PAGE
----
Dushanbe, Tajikistan.

In Boulder Co. there is a remarkable Tea House, built by the Artists of Dushanbe, broken down, crated and shipped to Boulder where it was reassembled in the Downtown area. It provides meals and snacks and features a ten page menu of different teas both within the Tea House and also in the relaxing gardens surrounding it. My visit to Boulder’s Dushanbe Tea House in early July felt like the start of this minor odyssey and now here I am, in Dushanbe. I read somewhere that it is a distance of some 7,000 miles. I have been looking forward to this visit as most of the Guide books suggest that there is little or nothing to do in this city of 400,000 and they are correct. After six days here I have done little but read, write a little, eat reasonably well, keep in touch with friends and family and generally kick back and recharge my batteries. A day’s outing might consist of a trip to the ATM, perhaps check out the bazaar, have a look at the Opera House, take a photo of the World’s largest free standing flag pole (seriously. It cost $32 million), wonder about the stark statuary in Rudaki Park. Really that is about it for just under a week here.

There is a most interesting form of public transportation, taxis acting as buses. There are distinct routes and the taxis have numbers on the windshield telling riders what route they are following. I walk to the end of my little street to one of the main thoroughfares, look for the correct numbered taxi, stick out my arm and it stops, I pile in joining whomever might be within, shoppers, students, businessmen, Moms with kids, pay my 3 Somoni (a nickel or 3P) and indicate when I want him to stop and drop me off. From there I can pick up another taxi going on a different route, for another three Somoni. Quite brilliant, super efficient, I have never had to wait longer than a minute and not likely to break the bank. There are other gas guzzling, fume belching real buses but I haven’t had the need to check them out, they look really really crowded and of course they don’t have AC like the taxis do.

Unusually there is a spreading ripple of excitement in town. My first indication of this was when I noticed piles of rubbish piled up on the sides of the streets, plastic bottles, black ooze, wood chips and old bags. It all came out of the open drains that line each side of the streets allowing the water to flow freely. Previously it didn’t and stagnated creating something of a pong. I enquired at reception and was told that there is a big Summit coming here in a few days, yes, Mr Putin is coming to Dushanbe. Xi Jinping of China as well as the Foreign Minister of India and the various Presidents of the other ‘Stans. Since the drain cleaning I have noticed more street sweeping ladies on duty, more tarmac laying vehicles and lots more police on duty (if that’s possible). All the hotels in town have been told not to accept reservations for the duration of the conference so that the attendees can be accommodated, even here in my little B and B. I am so glad I came when I did and am leaving tomorrow. For the news junkies the event is the 13th Annual Summit of the Heads of State of the Shanghai  Cooperation Organisation. Check your local news outlets for details!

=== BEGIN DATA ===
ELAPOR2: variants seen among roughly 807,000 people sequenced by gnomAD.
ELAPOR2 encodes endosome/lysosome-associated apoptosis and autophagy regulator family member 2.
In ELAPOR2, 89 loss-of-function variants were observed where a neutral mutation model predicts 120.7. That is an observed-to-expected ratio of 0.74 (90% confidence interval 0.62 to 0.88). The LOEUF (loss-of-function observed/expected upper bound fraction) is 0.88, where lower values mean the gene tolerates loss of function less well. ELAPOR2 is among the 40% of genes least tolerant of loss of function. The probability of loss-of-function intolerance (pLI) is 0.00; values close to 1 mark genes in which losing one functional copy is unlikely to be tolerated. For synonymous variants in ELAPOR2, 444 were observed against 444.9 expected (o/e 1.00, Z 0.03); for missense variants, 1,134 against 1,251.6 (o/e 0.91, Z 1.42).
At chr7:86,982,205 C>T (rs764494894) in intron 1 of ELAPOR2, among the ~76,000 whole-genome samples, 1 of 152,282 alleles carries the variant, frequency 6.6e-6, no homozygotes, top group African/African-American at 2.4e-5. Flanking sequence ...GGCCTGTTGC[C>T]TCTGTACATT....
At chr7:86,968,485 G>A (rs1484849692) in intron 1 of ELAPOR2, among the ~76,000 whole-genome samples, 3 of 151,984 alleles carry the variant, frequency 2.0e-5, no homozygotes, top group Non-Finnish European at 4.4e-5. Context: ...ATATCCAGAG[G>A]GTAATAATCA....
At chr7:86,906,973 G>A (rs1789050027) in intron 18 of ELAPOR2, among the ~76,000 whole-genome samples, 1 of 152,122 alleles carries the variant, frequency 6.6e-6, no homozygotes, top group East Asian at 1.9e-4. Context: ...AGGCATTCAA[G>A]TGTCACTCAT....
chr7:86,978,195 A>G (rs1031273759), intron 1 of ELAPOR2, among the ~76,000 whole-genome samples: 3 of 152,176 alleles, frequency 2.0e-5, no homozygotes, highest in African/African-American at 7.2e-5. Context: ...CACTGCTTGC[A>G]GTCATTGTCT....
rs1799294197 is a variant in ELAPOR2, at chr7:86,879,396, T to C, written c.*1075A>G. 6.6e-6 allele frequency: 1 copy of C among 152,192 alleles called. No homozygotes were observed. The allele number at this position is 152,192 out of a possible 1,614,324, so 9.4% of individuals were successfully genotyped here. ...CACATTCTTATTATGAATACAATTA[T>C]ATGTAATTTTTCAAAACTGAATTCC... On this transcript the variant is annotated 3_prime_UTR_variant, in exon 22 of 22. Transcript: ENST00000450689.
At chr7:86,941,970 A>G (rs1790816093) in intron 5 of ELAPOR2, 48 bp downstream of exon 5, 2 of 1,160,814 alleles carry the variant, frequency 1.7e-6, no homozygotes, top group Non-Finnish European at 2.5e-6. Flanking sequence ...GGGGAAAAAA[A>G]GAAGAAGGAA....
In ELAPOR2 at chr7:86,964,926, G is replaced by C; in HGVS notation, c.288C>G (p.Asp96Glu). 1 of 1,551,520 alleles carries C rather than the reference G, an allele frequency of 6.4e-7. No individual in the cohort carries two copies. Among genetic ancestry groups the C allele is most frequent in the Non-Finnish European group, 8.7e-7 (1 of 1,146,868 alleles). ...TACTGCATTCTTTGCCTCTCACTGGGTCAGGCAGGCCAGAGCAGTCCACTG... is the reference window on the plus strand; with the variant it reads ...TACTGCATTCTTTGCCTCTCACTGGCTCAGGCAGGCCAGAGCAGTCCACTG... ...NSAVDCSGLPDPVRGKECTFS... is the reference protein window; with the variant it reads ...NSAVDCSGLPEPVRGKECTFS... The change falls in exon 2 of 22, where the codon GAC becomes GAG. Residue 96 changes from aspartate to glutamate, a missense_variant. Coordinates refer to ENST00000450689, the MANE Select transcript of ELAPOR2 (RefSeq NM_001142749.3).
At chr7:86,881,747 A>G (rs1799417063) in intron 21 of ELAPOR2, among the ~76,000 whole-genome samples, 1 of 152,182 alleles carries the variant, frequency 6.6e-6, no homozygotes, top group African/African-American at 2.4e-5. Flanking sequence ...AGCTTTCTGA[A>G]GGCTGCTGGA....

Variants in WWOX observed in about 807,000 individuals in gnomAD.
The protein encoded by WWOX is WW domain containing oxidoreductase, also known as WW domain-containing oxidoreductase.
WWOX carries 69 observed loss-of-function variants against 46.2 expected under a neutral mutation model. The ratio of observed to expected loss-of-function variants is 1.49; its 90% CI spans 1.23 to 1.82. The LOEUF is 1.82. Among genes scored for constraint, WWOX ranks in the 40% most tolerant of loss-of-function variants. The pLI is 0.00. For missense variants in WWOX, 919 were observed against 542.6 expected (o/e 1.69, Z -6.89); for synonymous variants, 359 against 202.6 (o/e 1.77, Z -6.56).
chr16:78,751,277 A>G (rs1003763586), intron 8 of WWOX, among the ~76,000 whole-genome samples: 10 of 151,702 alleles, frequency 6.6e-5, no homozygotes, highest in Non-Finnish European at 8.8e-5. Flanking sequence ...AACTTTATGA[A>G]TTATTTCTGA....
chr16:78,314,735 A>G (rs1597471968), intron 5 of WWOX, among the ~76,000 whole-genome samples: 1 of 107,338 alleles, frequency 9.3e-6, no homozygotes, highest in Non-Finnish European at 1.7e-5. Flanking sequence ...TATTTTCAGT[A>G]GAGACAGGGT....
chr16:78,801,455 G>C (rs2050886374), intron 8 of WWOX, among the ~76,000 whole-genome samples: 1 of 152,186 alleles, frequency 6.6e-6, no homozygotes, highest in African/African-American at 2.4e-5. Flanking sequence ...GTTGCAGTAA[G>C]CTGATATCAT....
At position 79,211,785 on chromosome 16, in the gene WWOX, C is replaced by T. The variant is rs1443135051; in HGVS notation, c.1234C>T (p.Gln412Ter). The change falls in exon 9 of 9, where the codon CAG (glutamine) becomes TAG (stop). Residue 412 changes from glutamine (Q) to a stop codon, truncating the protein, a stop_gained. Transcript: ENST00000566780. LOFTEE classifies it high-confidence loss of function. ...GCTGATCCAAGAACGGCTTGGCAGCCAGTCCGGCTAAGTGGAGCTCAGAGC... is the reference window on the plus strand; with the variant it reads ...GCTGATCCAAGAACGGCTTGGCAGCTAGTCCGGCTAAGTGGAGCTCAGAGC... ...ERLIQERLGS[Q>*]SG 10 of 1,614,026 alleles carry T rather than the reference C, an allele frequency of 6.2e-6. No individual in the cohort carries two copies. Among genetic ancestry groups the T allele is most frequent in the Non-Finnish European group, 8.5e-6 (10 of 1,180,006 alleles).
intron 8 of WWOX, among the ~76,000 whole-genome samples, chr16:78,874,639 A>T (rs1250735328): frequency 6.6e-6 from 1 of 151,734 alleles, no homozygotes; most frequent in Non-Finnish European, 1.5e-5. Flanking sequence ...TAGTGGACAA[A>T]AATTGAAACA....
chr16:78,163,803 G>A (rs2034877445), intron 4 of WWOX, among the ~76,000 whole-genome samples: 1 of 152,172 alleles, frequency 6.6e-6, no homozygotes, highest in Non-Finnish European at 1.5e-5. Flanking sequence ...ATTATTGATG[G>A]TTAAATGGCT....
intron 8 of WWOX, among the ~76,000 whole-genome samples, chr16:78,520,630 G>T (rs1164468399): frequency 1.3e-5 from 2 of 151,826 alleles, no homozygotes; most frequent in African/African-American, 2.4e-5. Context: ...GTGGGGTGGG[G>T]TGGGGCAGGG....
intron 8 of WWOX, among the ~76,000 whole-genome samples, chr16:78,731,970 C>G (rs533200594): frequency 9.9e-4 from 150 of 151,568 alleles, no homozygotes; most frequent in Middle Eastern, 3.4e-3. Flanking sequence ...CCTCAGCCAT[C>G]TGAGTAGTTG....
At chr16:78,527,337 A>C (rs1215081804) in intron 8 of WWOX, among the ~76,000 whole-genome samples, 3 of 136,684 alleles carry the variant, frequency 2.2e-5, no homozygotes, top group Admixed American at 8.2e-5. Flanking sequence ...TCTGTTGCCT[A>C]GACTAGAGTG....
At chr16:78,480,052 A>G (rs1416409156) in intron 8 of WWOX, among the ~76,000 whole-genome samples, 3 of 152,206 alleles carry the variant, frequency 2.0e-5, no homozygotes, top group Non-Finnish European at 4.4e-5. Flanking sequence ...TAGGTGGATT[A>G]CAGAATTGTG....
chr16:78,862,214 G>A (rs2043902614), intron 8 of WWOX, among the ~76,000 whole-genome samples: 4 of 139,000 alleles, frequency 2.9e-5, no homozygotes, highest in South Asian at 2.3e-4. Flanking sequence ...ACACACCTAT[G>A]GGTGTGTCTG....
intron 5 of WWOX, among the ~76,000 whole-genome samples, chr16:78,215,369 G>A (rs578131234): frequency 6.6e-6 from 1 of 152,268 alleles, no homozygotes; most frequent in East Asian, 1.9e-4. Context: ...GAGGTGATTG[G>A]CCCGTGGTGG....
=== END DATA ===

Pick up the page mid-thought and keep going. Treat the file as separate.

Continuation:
Yesterday was pretty special being Friday, the Holy Day in the Islamic Faith so I thought I would go to the Central Mosque for noontime Prayers. Not being a follower of Mohammed I felt a little trepidation, nonetheless I walked to the main street and jumped in a #8 taxi and transferred to a #3 at the Opera House. A few blocks later I noticed huge crowds descending on an alley so got out and joined in. Walking down the alley seemed ok, no one gave me any strange looks, and we came to a gate, walked through the gate to an arch, walked under arch to the main courtyard. Very, very aware of not giving offense I kept to the periphery  and finding a bench I sat down. More and more people began to fill the courtyard until people were laying out their prayer mats at my feet. Time to move on, so I found a side exit and made my way back to the arch where I paused again. More people, more prayer mats at my feet so I retreated to the gate, where someone offered me a chair. I sat there for the next few minutes and for the first time ever witnessed the whole ritual (?). It was very inspiring, very moving, very thought provoking and I left with a certain sense of awe. I didn’t know it but Friday Prayers are a major source of fund raising for those who, shall we say are “less fortunate”. There were many, many people in need around the entrances to the Mosque, and it seemed that each one was acknowledged and received some sort of contribution. One very sad child in a pram was literally covered in bank notes. We live and learn Tim, we live and learn.